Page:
What does Pops Diabetes Care Do?
The Pops® one System is a virtual diabetes management platform. The system combines the power of the user’s phone with an app and an integrated glucose monitor. People who use the system can manage their condition through their phone using a simple experience, leading to improved outcomes.
You’re making a true connected device that bridges digital health and medical device. Has this lead to any issues either with investors or regulators?
As you imply in your question, people often like to think of digital health as standalone software and medical devices a standalone devices. As virtual care matures beyond telehealth to the point of technology that enables people to own their condition’s management, the industry will see more and more solutions that connect devices with intelligent software. We have run into minor issues where investors or competitions prefer to box-in solutions to “medical device” or “software,” but this is usually resolved with some discussion. Additionally, it is always a decision, following regulatory guidance, regarding what part of the system falls into regulatory review. Having software and connectivity as part of the combined system certainly brings additional development and security work into the process and final regulatory review.
Now that the Pops System has been commercially launched, what’s the next milestone you’re looking for?
It is important for us, as a company that is mission driven, to deliver the user experience that people love and help those same people achieve better health outcomes. Pops will be focusing on achieving these milestones, which will then drive our key business milestones of client, user, and revenue growth.
Pops is committed to reducing healthcare associated waste — what does that look like and how does that tie into your company’s mission?
The majority of healthcare dollars spent on diabetes is spent on complications from poor diabetes management. Our mission is to reinvent how people manage their health. With all of the money we spend on healthcare, we are still wasting too much on addressing the complications that come from poor healthcare. At the same time, spending is decreasing on a key prevention measure: primary healthcare. We need to introduce more virtual care into our healthcare industry to help people take early and appropriate measures to prevent future healthcare spending and waste for health complications.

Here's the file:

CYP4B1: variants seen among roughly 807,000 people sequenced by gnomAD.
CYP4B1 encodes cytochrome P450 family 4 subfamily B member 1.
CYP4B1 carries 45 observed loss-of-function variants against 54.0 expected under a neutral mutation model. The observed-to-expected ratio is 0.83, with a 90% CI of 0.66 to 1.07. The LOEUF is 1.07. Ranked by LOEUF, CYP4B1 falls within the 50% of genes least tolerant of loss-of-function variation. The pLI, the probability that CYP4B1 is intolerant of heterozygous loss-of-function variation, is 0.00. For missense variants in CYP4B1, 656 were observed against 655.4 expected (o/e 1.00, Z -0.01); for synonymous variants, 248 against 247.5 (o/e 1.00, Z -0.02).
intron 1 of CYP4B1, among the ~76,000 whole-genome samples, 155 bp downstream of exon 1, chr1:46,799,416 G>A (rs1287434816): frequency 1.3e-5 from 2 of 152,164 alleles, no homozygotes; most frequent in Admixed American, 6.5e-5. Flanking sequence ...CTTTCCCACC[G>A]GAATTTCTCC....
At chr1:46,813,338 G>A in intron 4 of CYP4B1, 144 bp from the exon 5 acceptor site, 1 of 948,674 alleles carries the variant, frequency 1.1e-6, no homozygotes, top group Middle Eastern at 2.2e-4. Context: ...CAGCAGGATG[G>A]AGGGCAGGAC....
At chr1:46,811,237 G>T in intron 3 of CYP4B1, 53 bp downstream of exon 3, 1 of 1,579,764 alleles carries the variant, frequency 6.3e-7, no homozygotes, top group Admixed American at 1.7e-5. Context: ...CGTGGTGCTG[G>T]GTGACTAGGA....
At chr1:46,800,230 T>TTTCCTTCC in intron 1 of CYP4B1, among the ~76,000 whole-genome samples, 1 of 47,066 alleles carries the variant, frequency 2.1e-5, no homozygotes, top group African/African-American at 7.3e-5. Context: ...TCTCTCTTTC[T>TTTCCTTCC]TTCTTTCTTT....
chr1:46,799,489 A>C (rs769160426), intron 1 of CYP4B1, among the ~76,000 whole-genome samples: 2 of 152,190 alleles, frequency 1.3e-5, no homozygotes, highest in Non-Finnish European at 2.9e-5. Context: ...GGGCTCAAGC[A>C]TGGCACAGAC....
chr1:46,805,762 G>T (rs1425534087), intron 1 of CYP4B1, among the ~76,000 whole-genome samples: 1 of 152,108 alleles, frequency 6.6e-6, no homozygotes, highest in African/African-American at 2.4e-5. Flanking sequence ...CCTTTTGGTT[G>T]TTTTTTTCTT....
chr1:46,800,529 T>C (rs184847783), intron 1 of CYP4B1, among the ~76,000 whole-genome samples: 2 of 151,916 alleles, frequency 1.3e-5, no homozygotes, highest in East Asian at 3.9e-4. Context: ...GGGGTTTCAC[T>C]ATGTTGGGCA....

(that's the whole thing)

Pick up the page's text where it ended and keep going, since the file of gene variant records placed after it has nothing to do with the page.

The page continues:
You go to great lengths to talk about people not diabetics. Why?
Healthcare will be better when we can get rid of the labels. Why do we insist on calling people “patients” or “diabetics?” When I walk into a clinic, I am Lonny, not “Lonny the diabetic.”
Yes, I have diabetes and need to manage my condition, but it does not define who I am. I am a person first and foremost.
This becomes exponentially more important as the consumerization of healthcare is taking root in our culture. People who need healthcare do not want to be labeled a patient—they want to consume healthcare and will demand the same type of consumer experience that they demand whether they are online shopping or going to a restaurant. Anyone in healthcare that holds onto traditional beliefs that we “treat patients” risks falling behind.
You came from a company that sold devices to doctors and hospitals. Now you are targeting employers and employees. Why? What is different?
There is absolutely a place for how current drugs and devices are sold and whom they are sold to. However, Pops achieves our goal when we combine a simple consumer experience with virtual care to allow people, who need to manage a condition, the power to manage their condition on their terms. This type of thinking and service does not fit the traditional healthcare payment system well. As healthcare consumerism, technology, and treatments evolve, we should also expect the way healthcare is paid for to evolve. Employees desire cutting-edge benefits and employers desire reduced healthcare spending, so Pops going directly to these stakeholders with novel healthcare is a great business fit.